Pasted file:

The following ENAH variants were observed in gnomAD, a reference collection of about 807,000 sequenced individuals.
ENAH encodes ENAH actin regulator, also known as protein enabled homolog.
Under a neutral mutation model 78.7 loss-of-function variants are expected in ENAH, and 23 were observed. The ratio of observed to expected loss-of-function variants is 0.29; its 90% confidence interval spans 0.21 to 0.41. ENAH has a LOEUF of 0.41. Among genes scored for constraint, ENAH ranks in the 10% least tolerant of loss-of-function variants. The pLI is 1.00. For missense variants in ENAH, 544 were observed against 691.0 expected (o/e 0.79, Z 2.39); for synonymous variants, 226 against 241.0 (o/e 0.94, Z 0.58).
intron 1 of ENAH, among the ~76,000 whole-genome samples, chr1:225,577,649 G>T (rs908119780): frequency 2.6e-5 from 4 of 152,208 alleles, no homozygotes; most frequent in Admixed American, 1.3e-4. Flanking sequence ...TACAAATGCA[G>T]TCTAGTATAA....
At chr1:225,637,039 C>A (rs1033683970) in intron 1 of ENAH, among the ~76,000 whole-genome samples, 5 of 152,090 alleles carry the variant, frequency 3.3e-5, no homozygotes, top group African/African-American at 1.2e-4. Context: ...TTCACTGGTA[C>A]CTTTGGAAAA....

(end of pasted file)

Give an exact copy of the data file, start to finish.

The following ENAH variants were observed in gnomAD, a reference collection of about 807,000 sequenced individuals.
ENAH encodes ENAH actin regulator, also known as protein enabled homolog.
Under a neutral mutation model 78.7 loss-of-function variants are expected in ENAH, and 23 were observed. The ratio of observed to expected loss-of-function variants is 0.29; its 90% confidence interval spans 0.21 to 0.41. ENAH has a LOEUF of 0.41. Among genes scored for constraint, ENAH ranks in the 10% least tolerant of loss-of-function variants. The pLI is 1.00. For missense variants in ENAH, 544 were observed against 691.0 expected (o/e 0.79, Z 2.39); for synonymous variants, 226 against 241.0 (o/e 0.94, Z 0.58).
intron 1 of ENAH, among the ~76,000 whole-genome samples, chr1:225,577,649 G>T (rs908119780): frequency 2.6e-5 from 4 of 152,208 alleles, no homozygotes; most frequent in Admixed American, 1.3e-4. Flanking sequence ...TACAAATGCA[G>T]TCTAGTATAA....
At chr1:225,637,039 C>A (rs1033683970) in intron 1 of ENAH, among the ~76,000 whole-genome samples, 5 of 152,090 alleles carry the variant, frequency 3.3e-5, no homozygotes, top group African/African-American at 1.2e-4. Context: ...TTCACTGGTA[C>A]CTTTGGAAAA....